What Does This Image Say?

ImageWhat does this image say to you?  Clint Eastwood’s bad boy westerns appeal to people because they’re full of the “take it into your own hands” machismo, the rugged individual, the “I don’t take nothin’ from nobody” images.

What this says about the current state of the Republican Party:  lawless, take things into your own hands (see vigilante), whatever we want at whatever cost.

I don’t believe in this.  I believe that we, as people, are bound by law, laws made of, by and for the people (corporations are NOT people, my friends).  I believe we do NOT take things into our own hands, but rather, if we want change we talk about issues with others and work within the system (as broken as it may be) to make changes.  That means that we must send politicians packing who don’t listen to us but listen to donors and lobbyists.  That means that we invite everyone to vote, not just those that we know agree with us.  We talk, we listen, we do NOT attack someone just because they don’t think about things the same way we do.

My problem right now is with those who organized the convention and chose this image to represent the  Republican Party.  Regardless of what Clint Eastwood said, or of what anyone said in response (he was shooting from the hip, took us all by surprise, he was improvising), the organizers selected the image to put up behind him and made a visual statement for the entire convention, the party and Mitt Romney, the Republican presidential nominee.  Shame on them.

Starting Up, a Reblog from Mountain Home Art

My son Jonathan, daughter Tiff and I opened this webshop, Mountain Home Art, for their work and now we are in the promotion phase so people can find it, know where it is, see their photography and the stationery products we’ve made using their photos, and pass the word, so to speak.  Besides Tumblr, we have also built a Facebook page for MHA and we could really use some help.  If you could please, it would help us if you would follow Mountain Home Art, reblog, “like,” “like” the Facebook page and anything else you can think of.  We’re trapped in the “startup” of it all and need all the help we can get!  THANK YOU!!!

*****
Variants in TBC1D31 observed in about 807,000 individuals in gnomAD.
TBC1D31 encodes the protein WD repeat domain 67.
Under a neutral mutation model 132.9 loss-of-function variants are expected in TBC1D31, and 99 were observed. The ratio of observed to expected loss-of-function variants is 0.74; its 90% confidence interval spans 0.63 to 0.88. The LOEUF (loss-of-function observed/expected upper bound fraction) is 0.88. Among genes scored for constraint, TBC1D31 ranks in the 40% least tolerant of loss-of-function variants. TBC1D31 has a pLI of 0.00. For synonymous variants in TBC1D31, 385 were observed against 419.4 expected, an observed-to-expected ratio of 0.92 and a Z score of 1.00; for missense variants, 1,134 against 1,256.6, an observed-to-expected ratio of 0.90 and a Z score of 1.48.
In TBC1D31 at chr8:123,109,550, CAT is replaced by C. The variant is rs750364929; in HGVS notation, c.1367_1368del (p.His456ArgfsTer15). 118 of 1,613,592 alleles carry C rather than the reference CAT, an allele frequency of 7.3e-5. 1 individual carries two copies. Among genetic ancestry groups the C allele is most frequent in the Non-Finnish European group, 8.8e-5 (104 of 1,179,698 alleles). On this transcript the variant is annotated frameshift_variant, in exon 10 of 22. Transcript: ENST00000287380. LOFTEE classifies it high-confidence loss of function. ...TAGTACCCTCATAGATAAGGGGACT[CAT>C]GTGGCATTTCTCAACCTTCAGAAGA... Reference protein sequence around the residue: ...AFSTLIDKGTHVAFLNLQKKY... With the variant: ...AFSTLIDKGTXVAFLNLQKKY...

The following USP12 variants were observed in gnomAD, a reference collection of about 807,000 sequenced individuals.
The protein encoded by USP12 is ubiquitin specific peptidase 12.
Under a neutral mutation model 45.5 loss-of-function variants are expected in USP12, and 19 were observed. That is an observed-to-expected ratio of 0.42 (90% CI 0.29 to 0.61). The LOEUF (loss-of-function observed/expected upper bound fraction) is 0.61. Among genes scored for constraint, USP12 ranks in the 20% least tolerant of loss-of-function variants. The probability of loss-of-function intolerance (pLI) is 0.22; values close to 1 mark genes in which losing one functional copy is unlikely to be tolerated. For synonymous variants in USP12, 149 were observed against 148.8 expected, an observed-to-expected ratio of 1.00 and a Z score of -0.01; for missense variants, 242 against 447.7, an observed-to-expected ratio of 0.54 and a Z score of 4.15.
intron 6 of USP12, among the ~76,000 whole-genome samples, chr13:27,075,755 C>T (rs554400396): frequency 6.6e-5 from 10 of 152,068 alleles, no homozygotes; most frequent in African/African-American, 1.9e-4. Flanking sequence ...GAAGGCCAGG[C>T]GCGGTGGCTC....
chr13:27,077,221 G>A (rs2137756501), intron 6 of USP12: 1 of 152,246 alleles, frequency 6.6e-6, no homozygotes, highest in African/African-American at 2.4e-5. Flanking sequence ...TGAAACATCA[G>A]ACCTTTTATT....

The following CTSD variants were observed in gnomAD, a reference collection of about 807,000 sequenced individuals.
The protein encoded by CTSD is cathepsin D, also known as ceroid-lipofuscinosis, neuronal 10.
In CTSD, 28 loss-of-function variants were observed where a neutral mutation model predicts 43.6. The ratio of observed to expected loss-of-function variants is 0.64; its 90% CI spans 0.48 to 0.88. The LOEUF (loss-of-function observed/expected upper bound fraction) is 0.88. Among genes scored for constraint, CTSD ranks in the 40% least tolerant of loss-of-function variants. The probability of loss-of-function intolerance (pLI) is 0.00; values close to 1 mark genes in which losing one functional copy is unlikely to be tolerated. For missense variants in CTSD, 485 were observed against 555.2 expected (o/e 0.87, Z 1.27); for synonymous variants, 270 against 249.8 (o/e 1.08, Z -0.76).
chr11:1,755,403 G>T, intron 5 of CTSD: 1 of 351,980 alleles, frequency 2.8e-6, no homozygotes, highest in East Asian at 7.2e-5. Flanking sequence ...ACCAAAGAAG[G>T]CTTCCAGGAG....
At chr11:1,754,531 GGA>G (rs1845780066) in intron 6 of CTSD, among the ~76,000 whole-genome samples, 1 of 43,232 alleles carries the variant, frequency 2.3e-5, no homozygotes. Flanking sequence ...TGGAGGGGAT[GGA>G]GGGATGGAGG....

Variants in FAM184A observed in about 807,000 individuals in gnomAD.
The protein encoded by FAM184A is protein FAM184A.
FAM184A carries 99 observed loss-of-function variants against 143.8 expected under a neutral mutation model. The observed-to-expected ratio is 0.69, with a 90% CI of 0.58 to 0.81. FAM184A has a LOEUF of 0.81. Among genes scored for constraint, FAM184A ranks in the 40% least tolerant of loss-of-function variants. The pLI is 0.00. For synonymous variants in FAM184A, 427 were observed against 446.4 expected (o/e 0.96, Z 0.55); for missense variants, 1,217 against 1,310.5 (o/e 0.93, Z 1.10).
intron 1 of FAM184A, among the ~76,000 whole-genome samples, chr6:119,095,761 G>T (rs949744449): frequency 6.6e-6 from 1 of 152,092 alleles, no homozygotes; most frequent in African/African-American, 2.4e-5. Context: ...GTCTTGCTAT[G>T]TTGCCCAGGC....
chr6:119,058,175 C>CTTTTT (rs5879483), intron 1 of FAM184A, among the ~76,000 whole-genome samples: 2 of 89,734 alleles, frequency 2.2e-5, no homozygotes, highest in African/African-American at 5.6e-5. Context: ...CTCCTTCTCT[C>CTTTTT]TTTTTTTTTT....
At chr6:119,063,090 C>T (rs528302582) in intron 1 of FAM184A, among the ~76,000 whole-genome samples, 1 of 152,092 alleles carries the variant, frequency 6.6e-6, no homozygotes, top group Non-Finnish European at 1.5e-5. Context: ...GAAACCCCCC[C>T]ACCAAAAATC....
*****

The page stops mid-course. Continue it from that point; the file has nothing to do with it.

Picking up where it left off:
A Reblog of a Letter to Ann Romney

Karmen:

This is the very BEST response I’ve heard or read to Ann Romney’s disdainful and whiney “you people” remark. Anyone who has bought a house, gotten any kind of large credit has to show more than these people are willing to show. They have no concept of what it means to be even “an American” let alone the “President of the United States.” Attacks you say, my dear? Attacks??? How dare you claim that the citizens of the country who you say you want to be the President and First Lady of are ‘Attacking’ you! We want you to be willing to represent the very best of us if you are elected to that position and instead, you are representing coldness, exclusiveness, and a stinginess of spirit that would demean those positions. Go back to your mansion(s) and sip your postum. You do not deserve to be anywhere near the White House.

Originally posted on Motley News and Photos:

Credit: Donkey Hotey

To Ann Romney:

First off, I would like to air my contempt for two words you chose to use in a statement a few weeks back… you referred to the public as “you people.” Very bad choice of words because this shows who you are from the inside – call it a Freudian slip, or don’t call it anything and shrug it off – which is what I am sure you have done. But I did imagine quite an elaborate visual image when I heard say you that. Allow me to share…